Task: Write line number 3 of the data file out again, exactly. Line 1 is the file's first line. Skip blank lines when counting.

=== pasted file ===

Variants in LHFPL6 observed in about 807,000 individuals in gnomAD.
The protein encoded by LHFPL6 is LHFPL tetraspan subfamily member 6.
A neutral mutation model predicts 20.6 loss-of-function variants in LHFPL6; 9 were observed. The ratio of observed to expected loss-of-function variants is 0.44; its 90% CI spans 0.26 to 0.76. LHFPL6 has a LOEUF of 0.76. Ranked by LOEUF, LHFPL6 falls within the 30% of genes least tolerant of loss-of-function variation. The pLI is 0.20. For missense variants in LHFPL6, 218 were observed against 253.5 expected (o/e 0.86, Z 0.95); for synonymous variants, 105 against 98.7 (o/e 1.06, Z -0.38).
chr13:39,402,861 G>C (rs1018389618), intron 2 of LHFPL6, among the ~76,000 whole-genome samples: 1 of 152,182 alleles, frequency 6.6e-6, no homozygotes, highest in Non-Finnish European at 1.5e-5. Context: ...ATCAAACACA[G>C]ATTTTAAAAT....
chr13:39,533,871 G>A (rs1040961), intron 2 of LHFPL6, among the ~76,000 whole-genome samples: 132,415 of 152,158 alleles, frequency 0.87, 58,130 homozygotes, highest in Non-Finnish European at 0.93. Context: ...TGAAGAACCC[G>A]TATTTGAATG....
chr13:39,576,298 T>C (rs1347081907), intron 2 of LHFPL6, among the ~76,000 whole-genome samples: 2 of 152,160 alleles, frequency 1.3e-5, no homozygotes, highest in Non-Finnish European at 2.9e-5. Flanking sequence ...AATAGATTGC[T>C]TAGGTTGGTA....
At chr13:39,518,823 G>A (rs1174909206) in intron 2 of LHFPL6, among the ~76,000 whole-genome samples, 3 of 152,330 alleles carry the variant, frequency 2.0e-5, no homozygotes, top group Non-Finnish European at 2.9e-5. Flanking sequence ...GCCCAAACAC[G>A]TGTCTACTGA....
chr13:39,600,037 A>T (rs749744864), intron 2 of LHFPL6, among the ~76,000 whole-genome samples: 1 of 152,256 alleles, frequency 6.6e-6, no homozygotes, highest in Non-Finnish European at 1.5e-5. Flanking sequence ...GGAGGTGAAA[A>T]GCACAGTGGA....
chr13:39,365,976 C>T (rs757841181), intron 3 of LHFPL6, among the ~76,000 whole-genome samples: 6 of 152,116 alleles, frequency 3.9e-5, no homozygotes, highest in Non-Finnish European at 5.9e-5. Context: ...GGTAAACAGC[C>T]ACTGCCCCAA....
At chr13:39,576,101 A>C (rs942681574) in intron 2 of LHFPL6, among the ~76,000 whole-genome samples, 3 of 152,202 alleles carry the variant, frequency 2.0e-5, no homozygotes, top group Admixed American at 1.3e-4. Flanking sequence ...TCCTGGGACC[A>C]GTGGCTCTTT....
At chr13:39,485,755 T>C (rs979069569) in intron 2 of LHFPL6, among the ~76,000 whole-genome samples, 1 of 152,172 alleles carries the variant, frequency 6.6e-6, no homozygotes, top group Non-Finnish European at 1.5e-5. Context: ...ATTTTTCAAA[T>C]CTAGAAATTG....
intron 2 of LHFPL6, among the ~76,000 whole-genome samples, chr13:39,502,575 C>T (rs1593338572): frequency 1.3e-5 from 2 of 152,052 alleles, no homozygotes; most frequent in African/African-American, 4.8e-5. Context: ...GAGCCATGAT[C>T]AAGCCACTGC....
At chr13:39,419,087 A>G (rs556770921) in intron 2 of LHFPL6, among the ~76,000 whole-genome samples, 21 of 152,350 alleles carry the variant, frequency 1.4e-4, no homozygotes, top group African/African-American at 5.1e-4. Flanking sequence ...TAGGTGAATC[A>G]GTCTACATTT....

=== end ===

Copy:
A neutral mutation model predicts 20.6 loss-of-function variants in LHFPL6; 9 were observed. The ratio of observed to expected loss-of-function variants is 0.44; its 90% CI spans 0.26 to 0.76. LHFPL6 has a LOEUF of 0.76. Ranked by LOEUF, LHFPL6 falls within the 30% of genes least tolerant of loss-of-function variation. The pLI is 0.20. For missense variants in LHFPL6, 218 were observed against 253.5 expected (o/e 0.86, Z 0.95); for synonymous variants, 105 against 98.7 (o/e 1.06, Z -0.38).